Vicious, vindictive and vitriolic.
“George and Martha, sad, sad, sad”.-Martha
In the early hours of the morning after an evening of drinking, George and Martha stumble home. It sounds like the end; it’s only the beginning. Here, they await the arrival of Nick and Honey, a new young teacher and his wife. Martha’s idolised father has asked them to welcome the couple to the University, and what a welcome they give.
Strap yourselves in because you are in for one hell of a ride.
A ride that has only four actors, lasts three hours, with just two intervals and one setting.
There is the danger with Who’s Afraid Of Virginia Woolf that it could play out one of two catastrophic ways. It could swiftly turn horrifically melodramatic in a bid to recreate Burton and Taylor. Or that to an audience in 2017 it could be interpreted as, dear I say it, dull?
I mean after all, we’re all too numbed by mainstream media and popular culture to find a couple of middle age types tearing one another apart interesting… aren’t we?
Turns out we’re not.
What struck me the most about this particular revival was the complete and utter plausibility of it all.
Conleth Hill’s George is disappointment personified and Martha’s crippling insults seem to have literally weighed him down over the years, resulting in his hunched and sunken posture. He’s clearly intelligent, and quick witted too, but in this performance there is a definite emotional exhaustion to George which seems to keep his bite at bay.
Until, of course, she goes too far.
“Some day, hah! Some night, some stupid, liquor-ridden night, I will go too far and I’ll either break the man’s back or I’ll push him off for good which is what I deserve”- Martha
Only then do we see that snap within George and the boxing gloves, well and truly come off.
Martha (Imelda Staunton) on the other hand, is all guns blazing from the get go. She’s had a drink and she’s gunning for a fight, and Georgie boy’s refusal to give her one is just further ammunition.
Even at just 5 ft tall, Staunton commands and absurd amount of stage presence. Her Martha is unapologeticly ugly, not in looks, (I hope I look that fabulous in skin tight trousers and a sheer black top at 61) but in actions. She doesn’t even flinch as the most vile remarks fly out of her mouth at George and short of being embarrassed, actually relishes having the audience of Honey and Nick. Like a dog with a bone she refuses to give up the fight and hounds George to the point of no return.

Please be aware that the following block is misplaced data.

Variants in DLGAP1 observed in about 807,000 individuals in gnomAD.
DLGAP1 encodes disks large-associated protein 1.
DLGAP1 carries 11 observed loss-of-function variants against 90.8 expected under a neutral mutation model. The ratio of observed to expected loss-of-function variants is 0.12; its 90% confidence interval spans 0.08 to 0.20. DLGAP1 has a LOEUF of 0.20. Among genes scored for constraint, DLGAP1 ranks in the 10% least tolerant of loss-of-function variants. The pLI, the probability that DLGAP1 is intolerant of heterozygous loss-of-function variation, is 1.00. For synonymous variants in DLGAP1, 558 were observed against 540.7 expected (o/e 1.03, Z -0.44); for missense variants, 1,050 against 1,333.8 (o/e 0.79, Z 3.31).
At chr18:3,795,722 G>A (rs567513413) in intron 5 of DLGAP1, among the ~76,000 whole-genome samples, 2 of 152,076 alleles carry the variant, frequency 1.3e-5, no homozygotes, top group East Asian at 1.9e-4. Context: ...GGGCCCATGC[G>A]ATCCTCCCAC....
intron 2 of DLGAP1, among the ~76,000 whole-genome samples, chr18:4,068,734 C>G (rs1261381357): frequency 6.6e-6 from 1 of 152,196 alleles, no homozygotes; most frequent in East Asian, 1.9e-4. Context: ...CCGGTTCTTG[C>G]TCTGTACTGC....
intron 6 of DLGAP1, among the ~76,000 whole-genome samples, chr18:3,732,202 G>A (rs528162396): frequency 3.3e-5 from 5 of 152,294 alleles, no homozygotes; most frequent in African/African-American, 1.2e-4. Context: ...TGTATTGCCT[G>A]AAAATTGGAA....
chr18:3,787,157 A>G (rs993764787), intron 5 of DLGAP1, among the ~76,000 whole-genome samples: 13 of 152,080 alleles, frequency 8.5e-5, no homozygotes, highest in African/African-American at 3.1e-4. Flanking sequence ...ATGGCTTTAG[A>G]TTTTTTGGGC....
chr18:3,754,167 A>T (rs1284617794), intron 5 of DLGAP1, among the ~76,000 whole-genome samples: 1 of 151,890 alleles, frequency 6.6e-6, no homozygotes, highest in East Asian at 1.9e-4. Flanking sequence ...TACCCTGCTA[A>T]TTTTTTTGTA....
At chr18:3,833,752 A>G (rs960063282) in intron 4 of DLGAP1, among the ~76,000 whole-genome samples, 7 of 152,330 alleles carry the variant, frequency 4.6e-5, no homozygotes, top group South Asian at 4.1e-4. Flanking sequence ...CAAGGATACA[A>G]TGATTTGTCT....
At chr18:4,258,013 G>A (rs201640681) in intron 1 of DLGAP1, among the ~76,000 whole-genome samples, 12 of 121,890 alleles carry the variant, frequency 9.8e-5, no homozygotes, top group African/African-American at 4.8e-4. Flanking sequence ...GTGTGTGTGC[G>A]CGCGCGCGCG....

What Staunton also brings however, is an earth shattering sadness. Martha is no doubt a troubled and sad woman, but Staunton not only brings you to the point of pity, but with extreme ease, she really breaks your heart.
As for the unwitting audience of Nick and Honey. For me, Nick was perfection. With his constant hair smoothing and belt adjusting, Luke Treadway hit “Smug son of a bitch, who is disgusting on principal” right on the head.
My one wish would be for Imogen Poots to have been given more of a chance to shine. A large chunk of Honey was cut leaving her character fairly one dimensional, however even given this she did extraordinarily well at simperingly silly.
At the end of the show you’re left to question a great deal regarding relationships and the way in which we keep them alive.
⭐️⭐️⭐️⭐️ It’s not an easy watch, but it is an exhilarating one.
*Special thanks to the lovely people at boxoffice.co.uk for the tickets!
Who’s afraid of Virginia Woolf is running until 27th May, you can book your tickets here